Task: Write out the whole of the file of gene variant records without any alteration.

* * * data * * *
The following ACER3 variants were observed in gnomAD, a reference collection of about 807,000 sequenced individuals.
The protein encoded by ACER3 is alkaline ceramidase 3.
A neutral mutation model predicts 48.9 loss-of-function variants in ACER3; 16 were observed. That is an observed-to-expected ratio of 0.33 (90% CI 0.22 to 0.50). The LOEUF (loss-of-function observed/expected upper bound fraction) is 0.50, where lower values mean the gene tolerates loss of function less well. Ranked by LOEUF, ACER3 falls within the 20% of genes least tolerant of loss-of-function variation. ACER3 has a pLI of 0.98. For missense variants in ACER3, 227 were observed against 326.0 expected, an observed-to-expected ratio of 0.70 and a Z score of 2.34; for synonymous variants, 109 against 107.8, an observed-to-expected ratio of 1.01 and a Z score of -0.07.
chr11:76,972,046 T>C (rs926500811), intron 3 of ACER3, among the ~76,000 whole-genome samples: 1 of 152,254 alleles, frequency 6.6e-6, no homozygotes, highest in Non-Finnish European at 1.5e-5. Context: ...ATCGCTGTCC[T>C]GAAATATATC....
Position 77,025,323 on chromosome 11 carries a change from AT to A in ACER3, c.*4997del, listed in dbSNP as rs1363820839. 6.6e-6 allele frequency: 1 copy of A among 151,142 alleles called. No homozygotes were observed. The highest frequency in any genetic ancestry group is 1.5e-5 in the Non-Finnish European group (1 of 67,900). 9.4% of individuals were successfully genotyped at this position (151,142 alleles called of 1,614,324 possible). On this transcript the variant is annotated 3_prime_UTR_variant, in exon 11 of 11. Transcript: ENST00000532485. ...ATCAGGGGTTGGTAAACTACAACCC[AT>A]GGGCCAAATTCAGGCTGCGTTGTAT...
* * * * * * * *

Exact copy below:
The following ACER3 variants were observed in gnomAD, a reference collection of about 807,000 sequenced individuals.
The protein encoded by ACER3 is alkaline ceramidase 3.
A neutral mutation model predicts 48.9 loss-of-function variants in ACER3; 16 were observed. That is an observed-to-expected ratio of 0.33 (90% CI 0.22 to 0.50). The LOEUF (loss-of-function observed/expected upper bound fraction) is 0.50, where lower values mean the gene tolerates loss of function less well. Ranked by LOEUF, ACER3 falls within the 20% of genes least tolerant of loss-of-function variation. ACER3 has a pLI of 0.98. For missense variants in ACER3, 227 were observed against 326.0 expected, an observed-to-expected ratio of 0.70 and a Z score of 2.34; for synonymous variants, 109 against 107.8, an observed-to-expected ratio of 1.01 and a Z score of -0.07.
chr11:76,972,046 T>C (rs926500811), intron 3 of ACER3, among the ~76,000 whole-genome samples: 1 of 152,254 alleles, frequency 6.6e-6, no homozygotes, highest in Non-Finnish European at 1.5e-5. Context: ...ATCGCTGTCC[T>C]GAAATATATC....
Position 77,025,323 on chromosome 11 carries a change from AT to A in ACER3, c.*4997del, listed in dbSNP as rs1363820839. 6.6e-6 allele frequency: 1 copy of A among 151,142 alleles called. No homozygotes were observed. The highest frequency in any genetic ancestry group is 1.5e-5 in the Non-Finnish European group (1 of 67,900). 9.4% of individuals were successfully genotyped at this position (151,142 alleles called of 1,614,324 possible). On this transcript the variant is annotated 3_prime_UTR_variant, in exon 11 of 11. Transcript: ENST00000532485. ...ATCAGGGGTTGGTAAACTACAACCC[AT>A]GGGCCAAATTCAGGCTGCGTTGTAT...